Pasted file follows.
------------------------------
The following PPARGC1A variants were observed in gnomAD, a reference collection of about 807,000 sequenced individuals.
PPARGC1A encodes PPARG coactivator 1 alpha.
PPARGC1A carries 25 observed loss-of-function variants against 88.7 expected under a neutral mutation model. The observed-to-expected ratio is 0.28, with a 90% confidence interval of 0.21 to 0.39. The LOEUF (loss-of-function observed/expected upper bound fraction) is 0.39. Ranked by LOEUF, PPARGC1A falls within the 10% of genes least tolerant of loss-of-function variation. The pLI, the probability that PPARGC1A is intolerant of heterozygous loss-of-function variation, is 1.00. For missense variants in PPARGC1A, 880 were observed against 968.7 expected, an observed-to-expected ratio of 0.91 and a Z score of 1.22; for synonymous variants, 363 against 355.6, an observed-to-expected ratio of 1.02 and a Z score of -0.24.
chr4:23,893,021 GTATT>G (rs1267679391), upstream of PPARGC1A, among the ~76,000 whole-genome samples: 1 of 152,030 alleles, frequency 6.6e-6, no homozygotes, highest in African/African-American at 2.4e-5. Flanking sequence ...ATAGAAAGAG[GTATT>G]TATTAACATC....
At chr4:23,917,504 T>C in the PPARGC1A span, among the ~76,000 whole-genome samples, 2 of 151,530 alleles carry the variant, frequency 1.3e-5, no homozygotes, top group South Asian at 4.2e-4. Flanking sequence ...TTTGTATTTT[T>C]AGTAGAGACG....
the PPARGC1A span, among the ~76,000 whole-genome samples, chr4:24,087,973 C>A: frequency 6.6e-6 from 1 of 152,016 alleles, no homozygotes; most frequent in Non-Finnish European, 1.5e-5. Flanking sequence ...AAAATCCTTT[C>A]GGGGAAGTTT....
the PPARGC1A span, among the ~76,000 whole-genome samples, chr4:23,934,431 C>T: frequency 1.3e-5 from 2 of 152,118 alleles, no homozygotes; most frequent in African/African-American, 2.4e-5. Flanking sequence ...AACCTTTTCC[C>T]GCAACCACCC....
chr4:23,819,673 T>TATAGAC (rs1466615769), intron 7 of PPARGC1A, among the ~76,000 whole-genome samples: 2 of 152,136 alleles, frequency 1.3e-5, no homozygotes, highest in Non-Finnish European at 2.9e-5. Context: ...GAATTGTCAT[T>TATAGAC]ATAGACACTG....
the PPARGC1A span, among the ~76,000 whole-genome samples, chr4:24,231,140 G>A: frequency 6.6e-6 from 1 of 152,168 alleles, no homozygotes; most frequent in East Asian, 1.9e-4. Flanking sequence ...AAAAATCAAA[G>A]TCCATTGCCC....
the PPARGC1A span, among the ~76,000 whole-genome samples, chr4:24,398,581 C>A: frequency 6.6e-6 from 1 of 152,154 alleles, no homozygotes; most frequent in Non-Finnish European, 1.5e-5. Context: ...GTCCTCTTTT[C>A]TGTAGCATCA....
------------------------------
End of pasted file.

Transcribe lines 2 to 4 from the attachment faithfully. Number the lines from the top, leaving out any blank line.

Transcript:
PPARGC1A encodes PPARG coactivator 1 alpha.
PPARGC1A carries 25 observed loss-of-function variants against 88.7 expected under a neutral mutation model. The observed-to-expected ratio is 0.28, with a 90% confidence interval of 0.21 to 0.39. The LOEUF (loss-of-function observed/expected upper bound fraction) is 0.39. Ranked by LOEUF, PPARGC1A falls within the 10% of genes least tolerant of loss-of-function variation. The pLI, the probability that PPARGC1A is intolerant of heterozygous loss-of-function variation, is 1.00. For missense variants in PPARGC1A, 880 were observed against 968.7 expected, an observed-to-expected ratio of 0.91 and a Z score of 1.22; for synonymous variants, 363 against 355.6, an observed-to-expected ratio of 1.02 and a Z score of -0.24.
chr4:23,893,021 GTATT>G (rs1267679391), upstream of PPARGC1A, among the ~76,000 whole-genome samples: 1 of 152,030 alleles, frequency 6.6e-6, no homozygotes, highest in African/African-American at 2.4e-5. Flanking sequence ...ATAGAAAGAG[GTATT>G]TATTAACATC....